Do you think Macs help democratize the creative process?

The creative process is always, or should be, an unexpected journey, but there are certain features in programs and the way Macs work that will help this – but hopefully we’re back to the stage of designers actually designing and not just letting the computer do it for them.

How does a regionally based design company maintain a high profile?

Probably the same as any one else – lots of work, and getting it out there, there is in no way a big design scene in Liverpool. So I suppose there aren’t so many people expecting great work from here – but in some ways, maybe that’s an advantage. We’ve kept our heads down and have carried on trying to produce as much good work as possible, which seems to us the logical way of getting noticed.

And what can a regional design group offer and London based one can’t?

To be honest, nothing. A good design studio from up north could offer exactly the same as a good design studio from down south – we always felt that if you’re doing something interesting in this day and age location should not really matter – people want new and interesting work and they will or at least should go to its source.

Are you tempted to move down south to the Big Smoke?

No, there really seems no need. Give us hills over cities any day – plus we seem to be starting to pick up work from the capital anyway, and it’s always nice to have holidays to London.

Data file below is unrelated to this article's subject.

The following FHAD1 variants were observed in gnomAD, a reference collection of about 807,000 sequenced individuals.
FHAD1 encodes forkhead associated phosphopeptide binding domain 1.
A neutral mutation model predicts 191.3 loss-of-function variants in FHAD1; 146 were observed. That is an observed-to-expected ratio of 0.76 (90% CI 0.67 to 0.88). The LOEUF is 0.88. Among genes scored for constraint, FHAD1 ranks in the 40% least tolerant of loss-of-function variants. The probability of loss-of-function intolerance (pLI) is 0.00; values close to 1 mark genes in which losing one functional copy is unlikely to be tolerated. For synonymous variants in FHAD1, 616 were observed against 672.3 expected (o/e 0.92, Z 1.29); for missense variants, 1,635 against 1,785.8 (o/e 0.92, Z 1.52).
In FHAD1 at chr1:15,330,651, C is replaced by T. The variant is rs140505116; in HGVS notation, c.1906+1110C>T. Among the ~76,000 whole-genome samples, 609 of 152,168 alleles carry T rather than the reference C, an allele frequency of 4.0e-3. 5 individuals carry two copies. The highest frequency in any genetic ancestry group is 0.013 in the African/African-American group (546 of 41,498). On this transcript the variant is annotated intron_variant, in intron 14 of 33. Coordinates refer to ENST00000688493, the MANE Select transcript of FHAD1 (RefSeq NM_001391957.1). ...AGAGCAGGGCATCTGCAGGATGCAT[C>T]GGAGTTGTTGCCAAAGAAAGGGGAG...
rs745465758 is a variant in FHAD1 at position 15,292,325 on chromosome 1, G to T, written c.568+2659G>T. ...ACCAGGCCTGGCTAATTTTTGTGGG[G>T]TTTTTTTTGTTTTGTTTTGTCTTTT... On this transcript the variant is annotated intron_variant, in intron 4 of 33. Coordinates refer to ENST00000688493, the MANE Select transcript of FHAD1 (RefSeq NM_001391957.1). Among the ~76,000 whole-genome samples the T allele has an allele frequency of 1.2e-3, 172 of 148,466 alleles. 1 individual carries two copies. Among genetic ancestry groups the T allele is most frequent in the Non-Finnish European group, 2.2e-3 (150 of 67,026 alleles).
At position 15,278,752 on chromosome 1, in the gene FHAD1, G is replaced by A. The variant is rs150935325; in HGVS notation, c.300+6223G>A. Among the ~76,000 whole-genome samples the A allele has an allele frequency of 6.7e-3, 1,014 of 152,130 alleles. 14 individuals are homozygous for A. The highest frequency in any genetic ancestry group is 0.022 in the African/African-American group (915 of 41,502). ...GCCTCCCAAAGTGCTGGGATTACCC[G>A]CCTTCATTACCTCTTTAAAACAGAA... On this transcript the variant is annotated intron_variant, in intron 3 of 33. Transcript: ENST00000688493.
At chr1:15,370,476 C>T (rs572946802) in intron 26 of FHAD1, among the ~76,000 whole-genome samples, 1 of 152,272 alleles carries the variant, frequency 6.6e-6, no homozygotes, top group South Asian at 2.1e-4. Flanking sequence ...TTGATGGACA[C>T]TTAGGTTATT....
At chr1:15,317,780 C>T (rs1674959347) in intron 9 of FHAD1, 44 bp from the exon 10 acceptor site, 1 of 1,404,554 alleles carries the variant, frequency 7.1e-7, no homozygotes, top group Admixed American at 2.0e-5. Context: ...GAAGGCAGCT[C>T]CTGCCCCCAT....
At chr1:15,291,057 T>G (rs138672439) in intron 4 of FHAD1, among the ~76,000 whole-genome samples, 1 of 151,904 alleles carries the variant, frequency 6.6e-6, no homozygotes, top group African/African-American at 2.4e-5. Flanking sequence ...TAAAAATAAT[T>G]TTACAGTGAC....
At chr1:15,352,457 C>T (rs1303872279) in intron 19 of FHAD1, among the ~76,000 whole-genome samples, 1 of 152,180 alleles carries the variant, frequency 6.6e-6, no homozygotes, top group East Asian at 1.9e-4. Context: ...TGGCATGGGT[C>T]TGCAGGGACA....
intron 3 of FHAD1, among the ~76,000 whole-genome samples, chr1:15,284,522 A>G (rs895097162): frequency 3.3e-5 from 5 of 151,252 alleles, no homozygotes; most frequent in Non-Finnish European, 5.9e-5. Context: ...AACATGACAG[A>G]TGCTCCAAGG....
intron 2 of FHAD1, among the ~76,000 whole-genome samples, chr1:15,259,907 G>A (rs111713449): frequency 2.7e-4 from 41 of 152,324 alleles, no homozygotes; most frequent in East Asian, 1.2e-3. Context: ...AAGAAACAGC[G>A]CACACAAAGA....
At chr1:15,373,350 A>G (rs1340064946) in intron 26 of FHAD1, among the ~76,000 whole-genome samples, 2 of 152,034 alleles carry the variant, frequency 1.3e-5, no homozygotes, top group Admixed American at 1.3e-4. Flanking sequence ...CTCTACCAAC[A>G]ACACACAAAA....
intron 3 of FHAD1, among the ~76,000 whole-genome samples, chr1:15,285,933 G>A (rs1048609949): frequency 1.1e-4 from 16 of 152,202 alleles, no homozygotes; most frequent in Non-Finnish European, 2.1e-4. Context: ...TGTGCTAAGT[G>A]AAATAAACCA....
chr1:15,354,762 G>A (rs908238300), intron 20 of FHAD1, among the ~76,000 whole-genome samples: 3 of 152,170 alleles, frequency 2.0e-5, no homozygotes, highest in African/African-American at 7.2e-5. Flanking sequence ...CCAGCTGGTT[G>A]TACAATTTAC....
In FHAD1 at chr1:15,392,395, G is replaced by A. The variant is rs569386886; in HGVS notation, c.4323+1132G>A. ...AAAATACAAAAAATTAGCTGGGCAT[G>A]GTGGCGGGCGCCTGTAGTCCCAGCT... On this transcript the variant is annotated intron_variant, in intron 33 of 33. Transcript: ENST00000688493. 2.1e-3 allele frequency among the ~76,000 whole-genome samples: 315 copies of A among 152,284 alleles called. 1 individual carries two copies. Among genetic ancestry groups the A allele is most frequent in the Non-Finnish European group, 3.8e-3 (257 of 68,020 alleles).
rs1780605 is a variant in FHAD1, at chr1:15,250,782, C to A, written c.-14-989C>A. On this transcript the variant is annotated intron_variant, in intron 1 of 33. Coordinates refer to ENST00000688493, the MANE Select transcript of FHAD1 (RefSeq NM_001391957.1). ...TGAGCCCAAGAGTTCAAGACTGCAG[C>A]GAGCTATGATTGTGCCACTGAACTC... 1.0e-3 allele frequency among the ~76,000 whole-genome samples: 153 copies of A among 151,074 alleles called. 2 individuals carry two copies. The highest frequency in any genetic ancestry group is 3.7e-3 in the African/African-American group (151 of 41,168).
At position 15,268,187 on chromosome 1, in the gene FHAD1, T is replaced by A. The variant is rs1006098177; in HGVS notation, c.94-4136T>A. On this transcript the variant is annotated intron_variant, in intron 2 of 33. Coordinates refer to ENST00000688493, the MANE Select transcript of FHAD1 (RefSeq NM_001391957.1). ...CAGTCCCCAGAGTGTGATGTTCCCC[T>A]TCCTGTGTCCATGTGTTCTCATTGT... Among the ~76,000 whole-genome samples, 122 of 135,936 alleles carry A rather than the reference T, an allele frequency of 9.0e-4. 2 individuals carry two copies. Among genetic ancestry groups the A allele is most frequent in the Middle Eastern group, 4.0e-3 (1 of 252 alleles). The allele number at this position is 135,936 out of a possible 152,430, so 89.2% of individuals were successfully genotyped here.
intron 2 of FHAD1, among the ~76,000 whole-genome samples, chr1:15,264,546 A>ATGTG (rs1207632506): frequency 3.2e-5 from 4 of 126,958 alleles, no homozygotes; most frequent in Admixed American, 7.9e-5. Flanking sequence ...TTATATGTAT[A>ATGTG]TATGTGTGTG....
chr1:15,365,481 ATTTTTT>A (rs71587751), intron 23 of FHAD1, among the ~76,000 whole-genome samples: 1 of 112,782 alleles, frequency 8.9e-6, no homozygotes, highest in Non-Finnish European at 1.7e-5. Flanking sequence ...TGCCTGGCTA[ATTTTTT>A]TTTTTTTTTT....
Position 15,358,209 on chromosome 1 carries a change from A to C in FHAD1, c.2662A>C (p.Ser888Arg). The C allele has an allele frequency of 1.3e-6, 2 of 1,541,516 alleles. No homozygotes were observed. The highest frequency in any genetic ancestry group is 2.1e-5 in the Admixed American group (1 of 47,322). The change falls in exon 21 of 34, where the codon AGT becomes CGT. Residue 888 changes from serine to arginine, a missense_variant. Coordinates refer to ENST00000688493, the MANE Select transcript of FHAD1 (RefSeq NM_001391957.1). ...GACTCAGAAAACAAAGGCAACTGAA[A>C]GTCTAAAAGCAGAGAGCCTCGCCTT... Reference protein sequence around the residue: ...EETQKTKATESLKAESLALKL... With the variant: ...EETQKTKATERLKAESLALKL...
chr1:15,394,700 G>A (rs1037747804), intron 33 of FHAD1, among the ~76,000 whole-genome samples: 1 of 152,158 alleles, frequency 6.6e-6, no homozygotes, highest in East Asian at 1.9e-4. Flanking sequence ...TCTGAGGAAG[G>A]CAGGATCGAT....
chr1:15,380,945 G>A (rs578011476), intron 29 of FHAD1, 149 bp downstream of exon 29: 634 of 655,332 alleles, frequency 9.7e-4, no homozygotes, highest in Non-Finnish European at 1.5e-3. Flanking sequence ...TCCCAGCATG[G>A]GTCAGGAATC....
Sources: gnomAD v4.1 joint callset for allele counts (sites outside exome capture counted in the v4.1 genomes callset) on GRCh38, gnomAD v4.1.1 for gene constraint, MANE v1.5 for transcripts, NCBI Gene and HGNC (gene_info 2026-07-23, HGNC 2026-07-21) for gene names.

As a relatively small company, do you feel pressurized into upgrading to the latest G5 or Photoshop CS2?

Not really. Its nice to have shiny new hard drives and skinny monitors, but if the ones we have work like we need them to, then that’s fine – when they die we buy new ones. As for programs, it’s usually a case of having to purely for practical reasons like printer compatibility.

What inspires you; who are your heroes?

Music, animals and alcohol.

Do any issues ever arise with clients when working exclusively with Macs?

The only ones are receiving bizarre PC files that don't open on anything.

Do you think Macs lead to creativity or do creative types tend to choose Macs?

You’re either creative or you aren't; using a Mac won't make you any better. To us, they’re just tools that aid creativity. Having everything you need to hand and working with technology that works properly helps immensely. As for creative types choosing Macs, maybe that’s partly down to advertising and Apple’s slick campaigns?

What advice would you give students or those wishing to move into the design field?

There’s no right or wrong way. Well there probably is, but no-one’s told us. We’ve always just tried to produce the best work we can, and that involves long hours and a lot of commitment; it certainly isn't a nine-to-five job.

What would you like to see next from Apple?

Large monitors that don't cost the earth and a self-cleaning keyboard.

What next for Burn Everything?

More exhibitions, more music-based clients, a clothing range, a temporary European office, an office pet and our own pub.